Swiss chocolate consumption falls to 40-year low in pandemic
The desire for comfort food during the pandemic has failed to boost the fortunes of Swiss chocolate.
Swiss chocolate makers were perhaps expecting a sweet spot as people turned to comfort food during the pandemic but are instead facing devastating 2020 figures showing consumption in Switzerland melting to a 40-year-low.
Chocosuisse, the national federation of Swiss chocolate makers, painted a bleak picture this week of the impact that the Covid-19 crisis had taken on the industry, with plunging production, exports and even consumption.
And Lindt and Sprungli, one of the wealthy Alpine nation's most famous chocolate makers, published its annual results Tuesday detailing a nearly 11-percent drop in its 2020 revenues, to 4 billion Swiss francs ($4.4 billion, 3.6 billion euros).
Amid lockdowns and a pandemic-fuelled economic crisis last year, it may not be surprising that Swiss chocolate makers overall saw their production fall, shrinking 10 percent compared to 2019, to 180,000 tonnes, according to Chocosuisse.
And exports, which account for nearly 70 percent of Swiss chocolate makers' revenues, fell by more than that, slumping 11.5 percent in 2020, to 126,000 tonnes.
More surprising perhaps is that the country renowned for its love of high-quality cocoa products, where people gobble up more chocolate per capita than anywhere else in the world, also saw consumption drop.
Lowest since 1982
In fact, annual consumption fell to below the symbolic threshold of 10 kilogrammes (22 pounds) per person, dipping to 9.9 kilos -- the lowest level since 1982.
A major contributor to the drop, Chocosuisse chief Urs Furrer told AFP, was the steep decline in foreign tourists, who tend to tip the consumption scales.
The per capita chocolate consumption in a country is calculated by dividing the volumes sold by the number of inhabitants, leading to inflated figures in Switzerland, where chocolate treats are a favourite souvenir.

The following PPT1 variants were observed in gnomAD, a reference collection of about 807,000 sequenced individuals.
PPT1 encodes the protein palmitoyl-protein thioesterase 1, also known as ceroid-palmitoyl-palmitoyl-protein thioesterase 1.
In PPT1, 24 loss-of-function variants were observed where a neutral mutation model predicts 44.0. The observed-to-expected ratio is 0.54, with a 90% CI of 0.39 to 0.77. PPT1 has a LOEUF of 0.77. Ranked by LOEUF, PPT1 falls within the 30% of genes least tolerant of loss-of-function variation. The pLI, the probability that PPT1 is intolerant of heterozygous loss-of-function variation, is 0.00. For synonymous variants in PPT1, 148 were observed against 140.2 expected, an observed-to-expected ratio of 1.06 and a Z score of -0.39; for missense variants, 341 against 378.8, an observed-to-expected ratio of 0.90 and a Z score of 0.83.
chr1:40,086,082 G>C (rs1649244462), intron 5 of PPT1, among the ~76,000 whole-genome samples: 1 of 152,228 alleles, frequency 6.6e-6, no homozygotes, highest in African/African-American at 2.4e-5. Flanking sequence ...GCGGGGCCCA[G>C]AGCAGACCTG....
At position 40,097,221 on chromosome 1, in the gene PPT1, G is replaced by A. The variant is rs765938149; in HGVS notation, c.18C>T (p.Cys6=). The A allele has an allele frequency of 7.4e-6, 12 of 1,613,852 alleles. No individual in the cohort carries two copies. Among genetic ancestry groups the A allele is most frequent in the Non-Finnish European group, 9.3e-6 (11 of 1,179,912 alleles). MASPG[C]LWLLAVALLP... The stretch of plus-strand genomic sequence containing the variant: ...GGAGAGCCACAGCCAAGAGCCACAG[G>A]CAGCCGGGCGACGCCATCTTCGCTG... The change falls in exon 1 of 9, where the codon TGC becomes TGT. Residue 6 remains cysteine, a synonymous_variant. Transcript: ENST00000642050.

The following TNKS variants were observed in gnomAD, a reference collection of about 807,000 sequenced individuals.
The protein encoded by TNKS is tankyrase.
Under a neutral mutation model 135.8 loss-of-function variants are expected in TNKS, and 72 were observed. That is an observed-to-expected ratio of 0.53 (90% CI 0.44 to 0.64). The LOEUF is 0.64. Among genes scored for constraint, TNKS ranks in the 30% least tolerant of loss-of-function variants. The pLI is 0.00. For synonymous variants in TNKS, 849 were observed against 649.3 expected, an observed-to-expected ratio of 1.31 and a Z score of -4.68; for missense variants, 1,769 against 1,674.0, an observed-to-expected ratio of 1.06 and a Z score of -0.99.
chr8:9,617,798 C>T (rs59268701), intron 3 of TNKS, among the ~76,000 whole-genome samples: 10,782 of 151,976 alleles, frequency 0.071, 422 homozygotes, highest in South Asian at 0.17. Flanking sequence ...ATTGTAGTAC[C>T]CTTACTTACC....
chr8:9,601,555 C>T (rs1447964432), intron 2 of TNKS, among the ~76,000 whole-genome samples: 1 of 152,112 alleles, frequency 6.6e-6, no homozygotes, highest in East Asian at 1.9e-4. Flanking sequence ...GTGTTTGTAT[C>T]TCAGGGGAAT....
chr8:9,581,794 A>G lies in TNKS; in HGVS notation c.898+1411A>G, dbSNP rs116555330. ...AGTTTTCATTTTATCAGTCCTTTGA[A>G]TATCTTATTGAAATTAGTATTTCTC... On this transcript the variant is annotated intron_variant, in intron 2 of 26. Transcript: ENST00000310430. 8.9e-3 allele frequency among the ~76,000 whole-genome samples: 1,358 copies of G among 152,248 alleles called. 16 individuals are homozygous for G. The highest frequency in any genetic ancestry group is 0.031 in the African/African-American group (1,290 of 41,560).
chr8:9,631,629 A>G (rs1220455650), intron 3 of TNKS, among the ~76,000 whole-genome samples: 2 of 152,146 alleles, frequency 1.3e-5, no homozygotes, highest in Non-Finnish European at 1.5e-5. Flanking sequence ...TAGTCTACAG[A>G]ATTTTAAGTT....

"It would be impossible to calculate the exact consumption of residents, because in shops, the salespeople do not know if their customer lives in Switzerland or is a tourist," Furrer said.
But the absence of tourists is not the whole explanation for last year's decline. In Switzerland as elsewhere, the health crisis and accompanying restrictions including forced teleworking, has had a clear impact on consumption habits.
"Consumption also dropped in areas that are usually crowded with passers-by, like train stations and city centres," Furrer said, pointing out that chocolate was often an impulse buy by people on the move.
Physical distancing requirements have also taken a toll on social occasions where handing over a box of chocolates might be expected.
"The sale of gift boxes of pralines has also declined," Furrer said.
At the same time however, the sale of raw products like chocolate masse usually used by chocolatiers, bakeries and patisseries rose last year as more amateurs delved into making their own sweets at home.